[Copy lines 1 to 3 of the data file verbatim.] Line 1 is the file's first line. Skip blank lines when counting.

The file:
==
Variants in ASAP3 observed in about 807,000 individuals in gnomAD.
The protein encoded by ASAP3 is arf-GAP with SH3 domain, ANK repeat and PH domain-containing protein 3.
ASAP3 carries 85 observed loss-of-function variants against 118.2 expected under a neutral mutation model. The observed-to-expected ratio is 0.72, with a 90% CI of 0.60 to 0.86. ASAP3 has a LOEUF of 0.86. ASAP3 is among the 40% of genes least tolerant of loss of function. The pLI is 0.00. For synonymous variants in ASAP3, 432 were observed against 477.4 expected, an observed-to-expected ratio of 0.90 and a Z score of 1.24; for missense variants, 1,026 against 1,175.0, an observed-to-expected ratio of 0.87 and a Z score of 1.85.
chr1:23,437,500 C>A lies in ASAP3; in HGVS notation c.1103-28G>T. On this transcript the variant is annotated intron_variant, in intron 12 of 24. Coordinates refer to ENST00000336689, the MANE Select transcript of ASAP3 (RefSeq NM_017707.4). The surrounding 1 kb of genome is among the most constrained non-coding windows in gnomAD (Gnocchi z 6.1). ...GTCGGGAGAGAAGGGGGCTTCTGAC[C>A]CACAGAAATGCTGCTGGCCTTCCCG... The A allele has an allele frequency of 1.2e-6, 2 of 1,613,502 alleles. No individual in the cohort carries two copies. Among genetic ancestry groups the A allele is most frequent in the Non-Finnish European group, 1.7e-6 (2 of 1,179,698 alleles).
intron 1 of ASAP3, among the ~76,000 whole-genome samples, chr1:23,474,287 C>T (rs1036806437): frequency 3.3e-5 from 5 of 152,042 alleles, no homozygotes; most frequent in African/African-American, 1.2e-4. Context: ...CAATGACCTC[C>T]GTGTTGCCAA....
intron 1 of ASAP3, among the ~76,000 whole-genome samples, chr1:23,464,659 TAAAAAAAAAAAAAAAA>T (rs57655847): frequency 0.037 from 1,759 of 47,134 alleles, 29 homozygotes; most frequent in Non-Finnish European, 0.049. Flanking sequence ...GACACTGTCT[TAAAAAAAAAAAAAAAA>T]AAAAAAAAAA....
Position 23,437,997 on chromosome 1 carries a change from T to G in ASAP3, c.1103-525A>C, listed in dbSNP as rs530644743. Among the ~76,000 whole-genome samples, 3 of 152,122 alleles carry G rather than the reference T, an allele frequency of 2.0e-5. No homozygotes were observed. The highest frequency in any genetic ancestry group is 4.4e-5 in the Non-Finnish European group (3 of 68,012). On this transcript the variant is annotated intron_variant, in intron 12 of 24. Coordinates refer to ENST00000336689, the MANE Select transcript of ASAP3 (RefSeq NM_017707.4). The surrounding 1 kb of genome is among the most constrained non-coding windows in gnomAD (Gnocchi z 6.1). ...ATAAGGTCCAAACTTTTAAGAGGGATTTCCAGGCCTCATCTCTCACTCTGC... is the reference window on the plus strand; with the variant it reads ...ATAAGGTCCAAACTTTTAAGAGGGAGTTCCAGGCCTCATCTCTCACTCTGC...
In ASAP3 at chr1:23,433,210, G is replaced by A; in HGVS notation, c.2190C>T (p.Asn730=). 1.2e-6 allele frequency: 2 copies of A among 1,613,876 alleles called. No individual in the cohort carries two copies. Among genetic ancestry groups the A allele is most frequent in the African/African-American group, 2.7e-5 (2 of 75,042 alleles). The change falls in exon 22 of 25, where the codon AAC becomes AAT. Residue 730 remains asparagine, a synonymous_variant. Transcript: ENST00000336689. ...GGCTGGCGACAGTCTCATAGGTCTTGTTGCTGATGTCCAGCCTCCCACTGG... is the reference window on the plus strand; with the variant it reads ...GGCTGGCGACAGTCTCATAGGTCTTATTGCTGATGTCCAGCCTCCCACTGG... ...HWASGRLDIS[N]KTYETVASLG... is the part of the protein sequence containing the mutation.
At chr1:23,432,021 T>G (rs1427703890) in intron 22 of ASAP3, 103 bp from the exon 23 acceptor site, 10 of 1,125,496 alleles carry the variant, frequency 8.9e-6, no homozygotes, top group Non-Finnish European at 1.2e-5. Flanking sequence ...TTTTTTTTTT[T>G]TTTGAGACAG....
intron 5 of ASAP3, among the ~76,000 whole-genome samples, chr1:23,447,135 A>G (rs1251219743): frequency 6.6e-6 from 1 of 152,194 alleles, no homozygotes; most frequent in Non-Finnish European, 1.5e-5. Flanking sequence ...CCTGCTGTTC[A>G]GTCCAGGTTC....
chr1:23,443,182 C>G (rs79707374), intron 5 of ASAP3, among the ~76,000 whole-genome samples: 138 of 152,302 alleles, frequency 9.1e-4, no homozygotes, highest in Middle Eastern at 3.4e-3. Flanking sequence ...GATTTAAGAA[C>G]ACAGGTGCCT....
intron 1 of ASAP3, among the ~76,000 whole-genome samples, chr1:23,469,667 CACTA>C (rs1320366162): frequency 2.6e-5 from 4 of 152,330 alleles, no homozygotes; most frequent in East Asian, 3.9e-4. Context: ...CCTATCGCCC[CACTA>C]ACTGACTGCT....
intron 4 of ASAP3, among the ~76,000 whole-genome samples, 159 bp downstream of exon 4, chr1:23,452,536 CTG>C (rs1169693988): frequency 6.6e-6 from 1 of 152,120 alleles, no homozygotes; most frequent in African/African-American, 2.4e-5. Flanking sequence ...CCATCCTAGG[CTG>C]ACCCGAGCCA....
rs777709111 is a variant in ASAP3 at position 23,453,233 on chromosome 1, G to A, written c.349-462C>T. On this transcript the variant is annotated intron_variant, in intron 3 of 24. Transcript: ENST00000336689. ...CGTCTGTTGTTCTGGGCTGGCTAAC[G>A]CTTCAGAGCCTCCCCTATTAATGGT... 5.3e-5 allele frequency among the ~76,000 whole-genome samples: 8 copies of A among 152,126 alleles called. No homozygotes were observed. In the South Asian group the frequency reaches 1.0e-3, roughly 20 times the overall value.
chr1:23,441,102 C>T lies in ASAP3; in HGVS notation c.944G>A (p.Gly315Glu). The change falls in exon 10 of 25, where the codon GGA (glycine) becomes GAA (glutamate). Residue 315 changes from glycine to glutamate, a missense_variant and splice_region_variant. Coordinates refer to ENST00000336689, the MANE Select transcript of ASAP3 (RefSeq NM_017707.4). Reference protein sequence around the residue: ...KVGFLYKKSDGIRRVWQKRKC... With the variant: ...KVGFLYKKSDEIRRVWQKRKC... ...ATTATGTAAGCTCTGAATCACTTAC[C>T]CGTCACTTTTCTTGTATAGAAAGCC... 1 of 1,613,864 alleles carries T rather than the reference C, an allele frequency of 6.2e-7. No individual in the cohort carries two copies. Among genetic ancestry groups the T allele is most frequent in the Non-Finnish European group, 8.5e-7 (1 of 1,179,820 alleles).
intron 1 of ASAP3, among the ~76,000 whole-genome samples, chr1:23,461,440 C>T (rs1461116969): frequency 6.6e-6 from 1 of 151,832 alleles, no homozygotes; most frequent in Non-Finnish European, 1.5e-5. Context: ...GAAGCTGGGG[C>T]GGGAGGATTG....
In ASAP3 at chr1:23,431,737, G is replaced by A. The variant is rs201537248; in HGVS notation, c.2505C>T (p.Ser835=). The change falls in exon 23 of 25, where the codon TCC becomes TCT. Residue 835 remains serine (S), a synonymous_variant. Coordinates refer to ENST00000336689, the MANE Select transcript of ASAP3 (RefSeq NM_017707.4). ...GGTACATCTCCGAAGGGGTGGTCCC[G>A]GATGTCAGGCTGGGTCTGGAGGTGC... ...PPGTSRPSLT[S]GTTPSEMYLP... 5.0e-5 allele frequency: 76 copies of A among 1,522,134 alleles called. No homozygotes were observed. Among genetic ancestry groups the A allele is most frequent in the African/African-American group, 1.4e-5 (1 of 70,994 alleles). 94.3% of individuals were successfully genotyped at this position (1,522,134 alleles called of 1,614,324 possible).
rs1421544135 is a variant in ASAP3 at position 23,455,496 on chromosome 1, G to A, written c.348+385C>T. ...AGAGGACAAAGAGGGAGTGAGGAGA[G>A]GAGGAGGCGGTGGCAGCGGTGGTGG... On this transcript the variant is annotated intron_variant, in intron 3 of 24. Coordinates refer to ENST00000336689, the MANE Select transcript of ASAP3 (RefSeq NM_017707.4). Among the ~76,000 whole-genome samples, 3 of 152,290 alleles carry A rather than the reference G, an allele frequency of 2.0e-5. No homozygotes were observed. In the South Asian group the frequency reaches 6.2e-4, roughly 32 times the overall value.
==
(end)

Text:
Variants in ASAP3 observed in about 807,000 individuals in gnomAD.
The protein encoded by ASAP3 is arf-GAP with SH3 domain, ANK repeat and PH domain-containing protein 3.
ASAP3 carries 85 observed loss-of-function variants against 118.2 expected under a neutral mutation model. The observed-to-expected ratio is 0.72, with a 90% CI of 0.60 to 0.86. ASAP3 has a LOEUF of 0.86. ASAP3 is among the 40% of genes least tolerant of loss of function. The pLI is 0.00. For synonymous variants in ASAP3, 432 were observed against 477.4 expected, an observed-to-expected ratio of 0.90 and a Z score of 1.24; for missense variants, 1,026 against 1,175.0, an observed-to-expected ratio of 0.87 and a Z score of 1.85.